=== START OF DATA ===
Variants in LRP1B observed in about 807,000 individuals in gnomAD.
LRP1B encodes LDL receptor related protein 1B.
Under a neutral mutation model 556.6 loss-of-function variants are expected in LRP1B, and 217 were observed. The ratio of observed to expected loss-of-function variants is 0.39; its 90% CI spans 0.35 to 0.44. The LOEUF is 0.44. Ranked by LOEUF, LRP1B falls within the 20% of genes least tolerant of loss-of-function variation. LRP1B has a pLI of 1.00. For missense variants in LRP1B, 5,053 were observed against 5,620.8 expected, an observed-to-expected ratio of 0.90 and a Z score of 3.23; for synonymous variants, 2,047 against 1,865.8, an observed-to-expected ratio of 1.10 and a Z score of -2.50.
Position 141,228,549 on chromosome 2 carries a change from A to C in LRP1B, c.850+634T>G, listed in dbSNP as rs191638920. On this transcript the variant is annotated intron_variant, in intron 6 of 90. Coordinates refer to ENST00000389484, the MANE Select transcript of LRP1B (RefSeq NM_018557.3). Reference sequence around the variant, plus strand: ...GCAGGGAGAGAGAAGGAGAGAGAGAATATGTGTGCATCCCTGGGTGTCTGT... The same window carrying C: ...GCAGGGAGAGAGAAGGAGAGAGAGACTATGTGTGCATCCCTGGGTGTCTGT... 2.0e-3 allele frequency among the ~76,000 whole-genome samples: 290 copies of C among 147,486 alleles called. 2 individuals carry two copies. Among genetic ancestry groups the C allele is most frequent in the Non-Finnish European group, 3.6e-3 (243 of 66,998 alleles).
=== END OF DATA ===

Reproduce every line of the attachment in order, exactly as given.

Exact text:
Variants in LRP1B observed in about 807,000 individuals in gnomAD.
LRP1B encodes LDL receptor related protein 1B.
Under a neutral mutation model 556.6 loss-of-function variants are expected in LRP1B, and 217 were observed. The ratio of observed to expected loss-of-function variants is 0.39; its 90% CI spans 0.35 to 0.44. The LOEUF is 0.44. Ranked by LOEUF, LRP1B falls within the 20% of genes least tolerant of loss-of-function variation. LRP1B has a pLI of 1.00. For missense variants in LRP1B, 5,053 were observed against 5,620.8 expected, an observed-to-expected ratio of 0.90 and a Z score of 3.23; for synonymous variants, 2,047 against 1,865.8, an observed-to-expected ratio of 1.10 and a Z score of -2.50.
Position 141,228,549 on chromosome 2 carries a change from A to C in LRP1B, c.850+634T>G, listed in dbSNP as rs191638920. On this transcript the variant is annotated intron_variant, in intron 6 of 90. Coordinates refer to ENST00000389484, the MANE Select transcript of LRP1B (RefSeq NM_018557.3). Reference sequence around the variant, plus strand: ...GCAGGGAGAGAGAAGGAGAGAGAGAATATGTGTGCATCCCTGGGTGTCTGT... The same window carrying C: ...GCAGGGAGAGAGAAGGAGAGAGAGACTATGTGTGCATCCCTGGGTGTCTGT... 2.0e-3 allele frequency among the ~76,000 whole-genome samples: 290 copies of C among 147,486 alleles called. 2 individuals carry two copies. Among genetic ancestry groups the C allele is most frequent in the Non-Finnish European group, 3.6e-3 (243 of 66,998 alleles).